Helen Lenskyj, Professor Emerita in the Department of Social Justice at the University of Toronto takes part in this program.
The first topic of concerns the way in which the final decision making process as regards the participation of the Russian team was left right until the last moment. Professor Lenskyj says that this is actually not that unusual as "CAS usually sets up an 'ad hoc' committee in the city where the games are being played. However, the three-person board which decides on the CAS commission said that they 'did not have jurisdiction' to decide on the fate of the Russian athletes….The backdrop to all of this is that in 2016 WADA (World Anti-Doping Agency) sent a team of investigators to Moscow which was headed by a CAS arbitrator… this was called an 'independent' enquiry, and the investigator Richard McLaren was called an 'independent' person who headed the team that wrote up the 'independent' report… The entire Russian team was disqualified, and that was a major disappointment because the individual athletes themselves were not given due process. In the meantime, they have been given due process because they filed their claims with CAS a few months ago individually, and then there was the surprise decision early February that there was not enough evidence in the view of the panel of the three judges and lawyers who looked at the case, so those athletes were given the green light. But the IOC always has the last word, and decided not to invite these 27 athletes…The IOC and WADA pretty much have the power to do absolutely anything, with or without justification." This has meant that the whole team was banned for the first time in Olympic history.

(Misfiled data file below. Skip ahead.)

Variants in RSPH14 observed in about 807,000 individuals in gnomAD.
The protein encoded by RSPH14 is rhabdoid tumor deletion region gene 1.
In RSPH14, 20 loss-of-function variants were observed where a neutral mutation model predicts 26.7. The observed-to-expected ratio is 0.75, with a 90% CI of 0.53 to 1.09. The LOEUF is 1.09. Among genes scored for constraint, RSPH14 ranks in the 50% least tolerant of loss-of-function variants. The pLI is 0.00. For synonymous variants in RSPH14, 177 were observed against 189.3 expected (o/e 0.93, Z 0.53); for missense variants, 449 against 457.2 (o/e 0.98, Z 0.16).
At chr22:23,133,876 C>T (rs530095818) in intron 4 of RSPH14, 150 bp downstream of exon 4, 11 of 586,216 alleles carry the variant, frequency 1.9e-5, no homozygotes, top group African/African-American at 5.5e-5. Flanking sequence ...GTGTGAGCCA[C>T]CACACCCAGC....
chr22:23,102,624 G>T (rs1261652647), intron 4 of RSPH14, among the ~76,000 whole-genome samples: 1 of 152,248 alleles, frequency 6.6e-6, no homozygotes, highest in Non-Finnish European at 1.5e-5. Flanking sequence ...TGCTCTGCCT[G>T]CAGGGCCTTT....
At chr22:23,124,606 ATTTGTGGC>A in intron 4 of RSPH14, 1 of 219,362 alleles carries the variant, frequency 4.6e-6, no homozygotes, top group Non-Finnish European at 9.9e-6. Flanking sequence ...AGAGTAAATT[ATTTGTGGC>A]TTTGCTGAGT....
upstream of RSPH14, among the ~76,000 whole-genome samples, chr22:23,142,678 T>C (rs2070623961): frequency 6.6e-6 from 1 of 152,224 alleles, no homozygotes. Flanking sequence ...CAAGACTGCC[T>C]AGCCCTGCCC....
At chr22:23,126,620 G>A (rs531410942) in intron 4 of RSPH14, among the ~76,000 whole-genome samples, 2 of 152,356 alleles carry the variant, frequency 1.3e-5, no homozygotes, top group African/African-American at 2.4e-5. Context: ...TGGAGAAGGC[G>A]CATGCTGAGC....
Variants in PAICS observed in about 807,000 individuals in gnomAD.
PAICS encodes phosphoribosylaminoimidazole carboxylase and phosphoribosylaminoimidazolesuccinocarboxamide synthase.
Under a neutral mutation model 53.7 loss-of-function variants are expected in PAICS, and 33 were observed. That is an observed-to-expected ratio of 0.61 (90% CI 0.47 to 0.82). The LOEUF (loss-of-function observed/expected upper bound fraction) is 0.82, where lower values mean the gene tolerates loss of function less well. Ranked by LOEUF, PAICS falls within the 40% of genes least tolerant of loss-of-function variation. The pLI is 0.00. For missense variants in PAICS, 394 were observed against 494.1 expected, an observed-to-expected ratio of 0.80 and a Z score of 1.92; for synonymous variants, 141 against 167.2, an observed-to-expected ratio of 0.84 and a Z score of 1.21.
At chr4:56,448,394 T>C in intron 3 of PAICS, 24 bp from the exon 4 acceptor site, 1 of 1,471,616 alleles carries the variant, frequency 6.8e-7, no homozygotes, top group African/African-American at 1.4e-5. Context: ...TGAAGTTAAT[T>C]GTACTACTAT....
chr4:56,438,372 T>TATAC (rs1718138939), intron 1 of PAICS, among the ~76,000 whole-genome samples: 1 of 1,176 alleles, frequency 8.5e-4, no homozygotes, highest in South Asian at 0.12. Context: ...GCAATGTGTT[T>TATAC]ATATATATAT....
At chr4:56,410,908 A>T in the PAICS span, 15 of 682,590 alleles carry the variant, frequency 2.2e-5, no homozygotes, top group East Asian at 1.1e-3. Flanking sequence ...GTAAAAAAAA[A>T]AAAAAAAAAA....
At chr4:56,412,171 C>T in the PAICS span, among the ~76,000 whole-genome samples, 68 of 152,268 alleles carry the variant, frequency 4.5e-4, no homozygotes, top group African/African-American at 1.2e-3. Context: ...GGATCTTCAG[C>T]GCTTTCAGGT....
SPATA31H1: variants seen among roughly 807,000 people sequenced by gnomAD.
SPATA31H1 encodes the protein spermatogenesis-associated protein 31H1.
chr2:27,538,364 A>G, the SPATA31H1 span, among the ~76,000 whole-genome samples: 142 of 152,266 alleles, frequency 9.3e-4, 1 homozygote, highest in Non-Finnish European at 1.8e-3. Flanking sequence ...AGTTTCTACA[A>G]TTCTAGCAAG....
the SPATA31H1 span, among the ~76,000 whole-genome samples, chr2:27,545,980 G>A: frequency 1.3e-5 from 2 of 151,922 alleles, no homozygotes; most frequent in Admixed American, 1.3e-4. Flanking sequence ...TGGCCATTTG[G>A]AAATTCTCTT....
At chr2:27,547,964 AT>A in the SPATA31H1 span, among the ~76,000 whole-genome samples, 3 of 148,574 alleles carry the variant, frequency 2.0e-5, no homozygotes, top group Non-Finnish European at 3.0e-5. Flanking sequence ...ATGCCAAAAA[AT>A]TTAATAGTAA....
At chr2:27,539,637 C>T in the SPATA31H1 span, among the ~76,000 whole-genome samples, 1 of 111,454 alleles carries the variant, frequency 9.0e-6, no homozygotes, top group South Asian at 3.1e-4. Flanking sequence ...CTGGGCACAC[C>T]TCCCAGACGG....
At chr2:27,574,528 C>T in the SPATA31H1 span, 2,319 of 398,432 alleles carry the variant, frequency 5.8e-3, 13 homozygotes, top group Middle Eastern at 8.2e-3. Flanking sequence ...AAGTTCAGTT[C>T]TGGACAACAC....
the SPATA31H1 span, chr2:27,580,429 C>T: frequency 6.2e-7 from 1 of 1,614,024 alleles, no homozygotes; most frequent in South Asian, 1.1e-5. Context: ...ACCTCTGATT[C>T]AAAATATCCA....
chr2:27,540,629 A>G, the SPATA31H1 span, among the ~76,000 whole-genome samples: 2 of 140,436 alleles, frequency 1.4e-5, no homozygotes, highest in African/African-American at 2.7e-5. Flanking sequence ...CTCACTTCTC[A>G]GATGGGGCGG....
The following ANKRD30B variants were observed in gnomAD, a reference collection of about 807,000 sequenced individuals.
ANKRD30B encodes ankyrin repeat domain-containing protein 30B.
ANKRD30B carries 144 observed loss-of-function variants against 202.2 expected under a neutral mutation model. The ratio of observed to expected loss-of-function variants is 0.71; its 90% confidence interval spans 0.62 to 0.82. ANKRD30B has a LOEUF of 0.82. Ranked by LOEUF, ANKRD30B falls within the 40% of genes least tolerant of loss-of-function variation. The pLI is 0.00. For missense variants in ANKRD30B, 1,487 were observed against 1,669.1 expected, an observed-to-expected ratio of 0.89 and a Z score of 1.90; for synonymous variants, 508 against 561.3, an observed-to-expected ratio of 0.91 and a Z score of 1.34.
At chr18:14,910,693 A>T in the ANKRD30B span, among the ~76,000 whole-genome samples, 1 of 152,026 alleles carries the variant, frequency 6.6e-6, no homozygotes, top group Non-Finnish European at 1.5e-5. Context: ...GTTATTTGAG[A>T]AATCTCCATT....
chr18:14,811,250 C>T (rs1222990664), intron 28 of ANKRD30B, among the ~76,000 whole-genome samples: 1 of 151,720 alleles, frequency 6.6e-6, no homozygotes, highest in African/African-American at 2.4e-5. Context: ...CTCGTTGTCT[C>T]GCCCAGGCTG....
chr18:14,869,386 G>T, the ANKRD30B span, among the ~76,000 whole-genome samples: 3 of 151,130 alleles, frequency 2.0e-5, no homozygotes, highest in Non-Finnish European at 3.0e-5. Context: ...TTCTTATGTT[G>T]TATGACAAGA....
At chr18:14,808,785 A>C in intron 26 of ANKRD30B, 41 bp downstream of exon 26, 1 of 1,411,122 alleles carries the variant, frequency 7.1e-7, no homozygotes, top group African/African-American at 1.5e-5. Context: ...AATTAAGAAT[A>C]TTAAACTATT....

Recent articles in the international press have highlighted that major doping scandals have been uncovered in various countries around the world; The Daily Mail reported that one third of all cross-country ski medalists since 2001 have 'suspicious' blood tests. Thus, isolating one team for such tough treatment is rather unfair to say the least, and smacks of scapegoating. Professor Lenskyj says that the 'Olympic Industry' is losing credibility. "The politicization has decades of history, and we should go back to the 1936 winter Olympics and Hitler's role in that. We can look at the Cold War and how it was played out in the Olympic sports in the 1960s and 1970s….It fits everybody's narrative in the West to demonize other countries, if it is Russia or China, all the better in terms of this prejudice way of thinking….It suits the Olympic Industry to say that they are 110% behind the war on doping; quite possibly because Russia is so highly profiled right now, there is scapegoating going on.
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